It was the department's first save using Narcan since its officers were trained on how to administer it this spring.

COURTESY PHOTO: CITY OF WOODBURN - All sworn Woodburn Police Department officers carry the anti-opioid spray known commercially as Narcan. On July 3, Woodburn officers helped revive a man's life using the medication.Woodburn police officers helped revive an unconscious man through the use of Narcan, a serum that can stop the effects of an opioid overdose, on the evening of July 3. Woodburn Police Chief Jim Ferraris said it was the department's first save using Narcan since its officers were trained this spring in administering it.

According to a press release, Woodburn police officers responded to a report of an unconscious 22-year-old man, who reportedly has a history of heroin addiction, at around 6 p.m. July 3. When officers arrived the man was not breathing and had no pulse.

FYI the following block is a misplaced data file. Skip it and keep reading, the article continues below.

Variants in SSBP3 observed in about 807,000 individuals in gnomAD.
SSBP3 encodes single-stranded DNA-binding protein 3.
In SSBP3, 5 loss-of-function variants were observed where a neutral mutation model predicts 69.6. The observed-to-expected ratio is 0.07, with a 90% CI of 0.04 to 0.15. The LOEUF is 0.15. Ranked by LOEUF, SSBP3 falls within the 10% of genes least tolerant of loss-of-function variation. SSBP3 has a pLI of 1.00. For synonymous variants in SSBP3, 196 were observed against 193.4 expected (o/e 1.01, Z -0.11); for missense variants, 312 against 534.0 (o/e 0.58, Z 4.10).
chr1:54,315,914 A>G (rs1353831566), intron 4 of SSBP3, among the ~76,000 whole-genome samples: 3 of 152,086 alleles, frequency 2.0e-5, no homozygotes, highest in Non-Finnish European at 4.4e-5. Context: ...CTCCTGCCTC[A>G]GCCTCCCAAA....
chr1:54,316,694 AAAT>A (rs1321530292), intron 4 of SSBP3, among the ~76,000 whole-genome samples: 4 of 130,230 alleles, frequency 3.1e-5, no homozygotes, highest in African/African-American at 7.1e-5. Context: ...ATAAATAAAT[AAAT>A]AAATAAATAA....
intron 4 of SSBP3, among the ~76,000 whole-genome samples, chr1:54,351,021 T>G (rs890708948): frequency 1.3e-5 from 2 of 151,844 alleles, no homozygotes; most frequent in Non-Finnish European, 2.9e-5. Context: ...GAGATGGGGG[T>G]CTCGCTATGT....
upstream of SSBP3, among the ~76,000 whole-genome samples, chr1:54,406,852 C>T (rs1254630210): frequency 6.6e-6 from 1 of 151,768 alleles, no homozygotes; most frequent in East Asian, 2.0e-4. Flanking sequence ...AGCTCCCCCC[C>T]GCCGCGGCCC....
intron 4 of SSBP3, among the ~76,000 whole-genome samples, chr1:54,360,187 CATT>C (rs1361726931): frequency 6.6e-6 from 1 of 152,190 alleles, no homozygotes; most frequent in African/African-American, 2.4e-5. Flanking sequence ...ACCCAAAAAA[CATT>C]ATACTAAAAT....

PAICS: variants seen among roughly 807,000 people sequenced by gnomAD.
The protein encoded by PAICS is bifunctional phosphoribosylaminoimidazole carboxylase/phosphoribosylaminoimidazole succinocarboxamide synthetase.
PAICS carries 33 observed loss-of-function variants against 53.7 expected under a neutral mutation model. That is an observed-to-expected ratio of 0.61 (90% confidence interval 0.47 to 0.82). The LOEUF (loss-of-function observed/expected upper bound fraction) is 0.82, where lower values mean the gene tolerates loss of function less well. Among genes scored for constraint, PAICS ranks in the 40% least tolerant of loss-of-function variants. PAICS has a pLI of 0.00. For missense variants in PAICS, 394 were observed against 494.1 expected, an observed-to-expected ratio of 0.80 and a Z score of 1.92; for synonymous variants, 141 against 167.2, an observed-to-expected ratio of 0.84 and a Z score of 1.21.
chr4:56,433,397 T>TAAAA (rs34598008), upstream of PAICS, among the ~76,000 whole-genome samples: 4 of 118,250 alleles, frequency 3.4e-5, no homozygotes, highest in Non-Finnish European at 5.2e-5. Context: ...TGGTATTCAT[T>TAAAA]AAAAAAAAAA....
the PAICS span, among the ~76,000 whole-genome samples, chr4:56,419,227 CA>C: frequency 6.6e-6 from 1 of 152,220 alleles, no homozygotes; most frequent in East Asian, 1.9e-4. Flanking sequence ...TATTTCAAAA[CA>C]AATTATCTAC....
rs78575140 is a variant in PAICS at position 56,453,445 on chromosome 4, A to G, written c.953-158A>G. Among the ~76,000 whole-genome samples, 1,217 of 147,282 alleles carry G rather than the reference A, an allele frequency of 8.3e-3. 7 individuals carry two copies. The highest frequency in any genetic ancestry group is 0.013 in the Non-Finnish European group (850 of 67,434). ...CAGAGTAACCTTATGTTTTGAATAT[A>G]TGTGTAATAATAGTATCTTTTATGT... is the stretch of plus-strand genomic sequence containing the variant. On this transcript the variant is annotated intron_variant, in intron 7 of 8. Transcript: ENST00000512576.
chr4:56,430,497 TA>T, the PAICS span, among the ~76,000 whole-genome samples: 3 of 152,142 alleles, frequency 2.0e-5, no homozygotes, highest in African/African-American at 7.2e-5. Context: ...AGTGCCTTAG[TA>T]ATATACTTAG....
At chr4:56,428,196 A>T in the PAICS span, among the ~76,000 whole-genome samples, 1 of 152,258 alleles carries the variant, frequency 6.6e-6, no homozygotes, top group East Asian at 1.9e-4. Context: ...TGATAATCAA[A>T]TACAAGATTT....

The officers began CPR and administered one dose of Narcan while awaiting medical transport. Once fire and medical crews arrived, they continued CPR and administered several more Narcan doses. The man was revived several minutes later, and was transported to the hospital for continued care.

This spring, Woodburn became the seventh known agency in Oregon with officers carrying the anti-opioid serum. Narcan, which is administered via a nasal spray, is one brand of the generic medication naloxone.

The department began training each of its sworn officers on how to administer Narcan in March and April this year. Now, every Woodburn officer carries the serum when on duty. Ferraris introduced a similar program to the Salem Police Department in 2015 when he was the deputy chief of that department.

The cost of the Narcan carried by the officers is reimbursed by the Oregon-Idaho High Intensity Drug Trafficking Area program.

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